Take a Walker on the Mild Side - By Chris Whiting


The voice of Don Walker when it comes over the phone is surprisingly familiar. It comes in broad measured everyday Queensland tones, and betrays his North Queensland background.
"I'm told I don't really talk like anybody else around down here," he says.
You could almost believe he was ordinary. Throughout the interview there are constant reminders that Don Walker, the creative force behind Cold Chisel, now collaborating with Tex Perkins and Charlie Owens, is not a rock star, but a musician. A man whose work is the creation & crafting of music.
I think it's that simple.
Discussing their upcoming tour you find him seemingly uncomfortable or dismissive of the narcissistic elements of modern music.
Dealing with a badly worded question about "charismatic frontmen", he replied he hasn't thought about whether it's a disadvantage or not to have the "charismatic" frontman: the word charismatic is surrounded by frowning pauses, and rolls off the tongue like chewed up lemon rind.
"It doesn't mean anything really. It just comes down to the fact that it's a real pleasure that when you're writing songs to hear them sung by someone with an extraordinary voice like that, to just hear the sound of it. The first time I clapped eyes on Tex was when he came in my front door, and the next thing I noticed was that he opened his mouth & sung a song or two, and he had this extraordinary voice."
Let me introduce you to the stripped-back and laid-back world of Tex, Don & Charlie. And introduction it will be for many of you, for their self-titled album was one of the most under-rated dishes on last years menu.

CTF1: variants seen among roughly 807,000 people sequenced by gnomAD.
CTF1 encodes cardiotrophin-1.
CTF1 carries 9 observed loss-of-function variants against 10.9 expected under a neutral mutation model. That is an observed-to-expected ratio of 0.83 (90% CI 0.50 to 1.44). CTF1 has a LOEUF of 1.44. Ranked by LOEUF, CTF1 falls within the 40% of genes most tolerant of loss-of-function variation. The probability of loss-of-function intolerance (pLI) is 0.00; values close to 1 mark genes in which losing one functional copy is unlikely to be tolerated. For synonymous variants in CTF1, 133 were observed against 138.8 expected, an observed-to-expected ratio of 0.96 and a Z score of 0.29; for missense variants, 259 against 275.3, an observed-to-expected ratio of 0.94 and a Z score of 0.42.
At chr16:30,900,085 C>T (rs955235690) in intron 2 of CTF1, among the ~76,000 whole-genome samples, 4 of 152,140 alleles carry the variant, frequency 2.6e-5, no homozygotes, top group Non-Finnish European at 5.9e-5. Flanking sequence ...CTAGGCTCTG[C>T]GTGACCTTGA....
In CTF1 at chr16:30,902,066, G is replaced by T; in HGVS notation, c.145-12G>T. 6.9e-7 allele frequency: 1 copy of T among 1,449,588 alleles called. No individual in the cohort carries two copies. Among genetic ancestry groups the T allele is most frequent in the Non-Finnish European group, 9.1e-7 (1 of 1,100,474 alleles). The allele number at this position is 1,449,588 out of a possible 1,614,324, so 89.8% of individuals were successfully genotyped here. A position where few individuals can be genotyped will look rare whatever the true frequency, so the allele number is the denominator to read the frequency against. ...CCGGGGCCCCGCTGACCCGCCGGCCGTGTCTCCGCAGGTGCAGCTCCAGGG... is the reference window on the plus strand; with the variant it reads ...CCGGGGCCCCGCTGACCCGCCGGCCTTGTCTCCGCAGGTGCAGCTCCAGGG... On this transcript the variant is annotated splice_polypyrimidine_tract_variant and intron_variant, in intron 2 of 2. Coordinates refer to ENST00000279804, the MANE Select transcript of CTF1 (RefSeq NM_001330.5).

The album was recorded in 3 days, and has a place & feel which reminds you of the Paris Texas album. It's relaxed but not sloppy, sparse but precise, the piano tinkling along with an acoustic guitar. Then the vocals wash in, with the steel guitar creeping in to swell out the mood. It captures the mood of wearied men sitting around in bars ruminating through cigarette coughs on lost lives & lost loves. Love's thrown away or unrequited, the downward spiral of human experience. But strangely it's a seedy melancholia that embraces & warms you, and makes a superb package of an album.
Let's start with the sound of the album. There's a country & bluesy feel, especially with the dobro and pedal steel guitar playing of Charlie Owens. Have you always been attracted to that "soulful" kind of music?
"My dad had a cane farm down on Rita Island on the Burdekin River, and my mum taught in Home Hill. I left there when I was 4 years old. The first time I actually got back to Rita Island was during a Cold Chisel tour when I was about 30-something, doing on of those tours down the Queensland coast."
And then completely unprompted, he said "When I see Steve Renouf heading down the sideline, that's pretty much when I know I'm a Queenslander."
You support dem Broncos, despite knowing what kind of shit will be hung on you by the rest of the population of Sydney?
"The household I'm living in is a Broncos household & I'm very much in a minority down here. I mean, being a Broncos supporter in Sydney can sometimes be dangerous. But.... I can just point at the scoreboard."